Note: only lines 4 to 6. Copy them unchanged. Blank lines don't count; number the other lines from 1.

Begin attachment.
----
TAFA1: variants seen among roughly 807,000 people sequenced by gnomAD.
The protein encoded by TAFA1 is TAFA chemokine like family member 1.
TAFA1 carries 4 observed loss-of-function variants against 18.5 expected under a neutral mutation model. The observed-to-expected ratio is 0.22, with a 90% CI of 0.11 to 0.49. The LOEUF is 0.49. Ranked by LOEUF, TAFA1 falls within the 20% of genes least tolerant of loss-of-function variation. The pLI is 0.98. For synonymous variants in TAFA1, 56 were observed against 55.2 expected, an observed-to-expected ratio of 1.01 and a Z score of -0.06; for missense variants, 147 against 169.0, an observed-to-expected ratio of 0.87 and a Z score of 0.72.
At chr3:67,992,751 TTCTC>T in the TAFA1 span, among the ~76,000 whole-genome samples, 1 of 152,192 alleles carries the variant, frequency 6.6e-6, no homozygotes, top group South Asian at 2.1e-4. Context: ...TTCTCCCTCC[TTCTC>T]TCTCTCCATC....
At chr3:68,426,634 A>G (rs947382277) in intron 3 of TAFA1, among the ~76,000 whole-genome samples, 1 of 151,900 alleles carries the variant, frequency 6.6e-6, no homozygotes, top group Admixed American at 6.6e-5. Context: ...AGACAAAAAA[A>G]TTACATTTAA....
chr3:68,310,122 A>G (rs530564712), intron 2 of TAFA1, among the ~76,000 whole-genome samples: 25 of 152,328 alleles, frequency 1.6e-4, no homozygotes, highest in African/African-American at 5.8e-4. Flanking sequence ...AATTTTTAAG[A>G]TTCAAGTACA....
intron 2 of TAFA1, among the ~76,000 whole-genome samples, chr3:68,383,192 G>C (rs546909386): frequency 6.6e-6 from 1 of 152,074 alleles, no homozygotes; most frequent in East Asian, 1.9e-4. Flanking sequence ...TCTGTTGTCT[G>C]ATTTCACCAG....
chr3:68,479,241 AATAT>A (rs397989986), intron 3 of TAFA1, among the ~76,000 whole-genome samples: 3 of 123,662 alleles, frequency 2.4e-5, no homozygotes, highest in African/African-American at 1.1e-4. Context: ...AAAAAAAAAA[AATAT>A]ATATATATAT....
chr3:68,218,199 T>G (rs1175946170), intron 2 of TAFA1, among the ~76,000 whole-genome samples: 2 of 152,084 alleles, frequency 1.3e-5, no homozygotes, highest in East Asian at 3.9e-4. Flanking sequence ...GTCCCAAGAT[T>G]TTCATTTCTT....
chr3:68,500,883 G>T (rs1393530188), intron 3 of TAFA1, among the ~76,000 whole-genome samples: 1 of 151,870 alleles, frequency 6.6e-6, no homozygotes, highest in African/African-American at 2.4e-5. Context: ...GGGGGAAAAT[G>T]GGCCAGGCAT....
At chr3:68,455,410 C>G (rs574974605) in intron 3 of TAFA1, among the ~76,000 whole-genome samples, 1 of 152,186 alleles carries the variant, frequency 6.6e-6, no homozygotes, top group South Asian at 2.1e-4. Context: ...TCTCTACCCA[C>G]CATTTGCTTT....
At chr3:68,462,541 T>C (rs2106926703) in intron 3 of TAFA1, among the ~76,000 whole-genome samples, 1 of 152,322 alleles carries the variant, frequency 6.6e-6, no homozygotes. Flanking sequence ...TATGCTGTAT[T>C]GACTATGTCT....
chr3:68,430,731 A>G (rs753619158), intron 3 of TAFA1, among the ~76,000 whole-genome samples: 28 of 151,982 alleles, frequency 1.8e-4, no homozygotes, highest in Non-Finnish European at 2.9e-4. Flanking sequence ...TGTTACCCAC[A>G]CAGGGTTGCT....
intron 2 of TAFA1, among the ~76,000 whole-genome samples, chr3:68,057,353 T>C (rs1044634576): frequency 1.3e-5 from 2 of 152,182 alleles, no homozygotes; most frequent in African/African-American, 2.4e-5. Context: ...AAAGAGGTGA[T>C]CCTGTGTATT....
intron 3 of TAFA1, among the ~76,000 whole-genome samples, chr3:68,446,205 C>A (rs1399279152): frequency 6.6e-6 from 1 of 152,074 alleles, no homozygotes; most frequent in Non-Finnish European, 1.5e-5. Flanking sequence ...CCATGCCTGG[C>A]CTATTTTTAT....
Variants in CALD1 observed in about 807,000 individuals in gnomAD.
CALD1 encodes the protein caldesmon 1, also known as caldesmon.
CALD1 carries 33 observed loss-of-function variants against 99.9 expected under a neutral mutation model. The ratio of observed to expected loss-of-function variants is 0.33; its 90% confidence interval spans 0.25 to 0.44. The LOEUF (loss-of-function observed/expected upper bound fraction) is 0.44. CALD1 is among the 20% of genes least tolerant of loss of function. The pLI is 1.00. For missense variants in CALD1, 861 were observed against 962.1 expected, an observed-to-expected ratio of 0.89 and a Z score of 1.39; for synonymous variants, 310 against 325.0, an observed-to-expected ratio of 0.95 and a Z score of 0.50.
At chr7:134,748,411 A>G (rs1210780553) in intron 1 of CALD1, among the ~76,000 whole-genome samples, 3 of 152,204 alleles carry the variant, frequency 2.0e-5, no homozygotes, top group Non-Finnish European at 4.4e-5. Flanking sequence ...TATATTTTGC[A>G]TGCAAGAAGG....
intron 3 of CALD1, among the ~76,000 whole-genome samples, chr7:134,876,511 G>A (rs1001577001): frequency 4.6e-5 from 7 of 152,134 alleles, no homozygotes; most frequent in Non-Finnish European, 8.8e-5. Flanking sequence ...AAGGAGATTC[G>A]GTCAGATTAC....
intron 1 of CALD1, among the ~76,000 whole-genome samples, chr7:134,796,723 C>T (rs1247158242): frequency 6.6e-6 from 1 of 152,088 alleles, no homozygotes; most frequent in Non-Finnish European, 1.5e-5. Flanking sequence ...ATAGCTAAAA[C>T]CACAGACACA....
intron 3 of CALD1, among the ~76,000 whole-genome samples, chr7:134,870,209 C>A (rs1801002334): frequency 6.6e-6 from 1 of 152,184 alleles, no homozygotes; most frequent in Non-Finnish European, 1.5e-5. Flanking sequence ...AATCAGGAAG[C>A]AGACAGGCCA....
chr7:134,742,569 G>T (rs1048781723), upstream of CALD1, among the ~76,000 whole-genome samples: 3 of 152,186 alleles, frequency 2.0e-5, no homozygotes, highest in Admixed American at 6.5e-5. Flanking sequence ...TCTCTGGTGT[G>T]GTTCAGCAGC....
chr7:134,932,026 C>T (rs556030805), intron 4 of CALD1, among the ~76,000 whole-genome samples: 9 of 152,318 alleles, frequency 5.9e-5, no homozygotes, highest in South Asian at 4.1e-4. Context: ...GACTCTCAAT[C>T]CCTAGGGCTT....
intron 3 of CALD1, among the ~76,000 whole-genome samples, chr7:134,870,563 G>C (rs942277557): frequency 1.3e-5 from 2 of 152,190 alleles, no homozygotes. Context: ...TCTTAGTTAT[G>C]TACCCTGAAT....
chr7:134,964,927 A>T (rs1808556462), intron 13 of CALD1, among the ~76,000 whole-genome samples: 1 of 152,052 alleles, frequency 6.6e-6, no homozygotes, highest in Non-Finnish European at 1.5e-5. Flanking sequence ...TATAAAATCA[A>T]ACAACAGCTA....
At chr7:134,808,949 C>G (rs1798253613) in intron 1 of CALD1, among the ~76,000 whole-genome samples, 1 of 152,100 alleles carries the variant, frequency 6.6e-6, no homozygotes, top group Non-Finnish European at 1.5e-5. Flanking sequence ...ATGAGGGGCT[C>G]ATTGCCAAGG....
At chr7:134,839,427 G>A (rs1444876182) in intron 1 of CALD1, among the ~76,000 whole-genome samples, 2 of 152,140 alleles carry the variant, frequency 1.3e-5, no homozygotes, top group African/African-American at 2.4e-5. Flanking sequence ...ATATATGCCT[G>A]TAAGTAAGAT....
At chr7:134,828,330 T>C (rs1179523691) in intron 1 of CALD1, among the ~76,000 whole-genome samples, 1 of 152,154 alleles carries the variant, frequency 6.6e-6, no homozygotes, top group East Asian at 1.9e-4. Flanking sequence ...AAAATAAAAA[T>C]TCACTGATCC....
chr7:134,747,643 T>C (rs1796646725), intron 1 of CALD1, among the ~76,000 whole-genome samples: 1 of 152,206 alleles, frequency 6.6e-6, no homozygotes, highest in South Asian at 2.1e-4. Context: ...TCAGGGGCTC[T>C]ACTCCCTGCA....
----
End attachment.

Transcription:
At chr3:67,992,751 TTCTC>T in the TAFA1 span, among the ~76,000 whole-genome samples, 1 of 152,192 alleles carries the variant, frequency 6.6e-6, no homozygotes, top group South Asian at 2.1e-4. Context: ...TTCTCCCTCC[TTCTC>T]TCTCTCCATC....
At chr3:68,426,634 A>G (rs947382277) in intron 3 of TAFA1, among the ~76,000 whole-genome samples, 1 of 151,900 alleles carries the variant, frequency 6.6e-6, no homozygotes, top group Admixed American at 6.6e-5. Context: ...AGACAAAAAA[A>G]TTACATTTAA....
chr3:68,310,122 A>G (rs530564712), intron 2 of TAFA1, among the ~76,000 whole-genome samples: 25 of 152,328 alleles, frequency 1.6e-4, no homozygotes, highest in African/African-American at 5.8e-4. Flanking sequence ...AATTTTTAAG[A>G]TTCAAGTACA....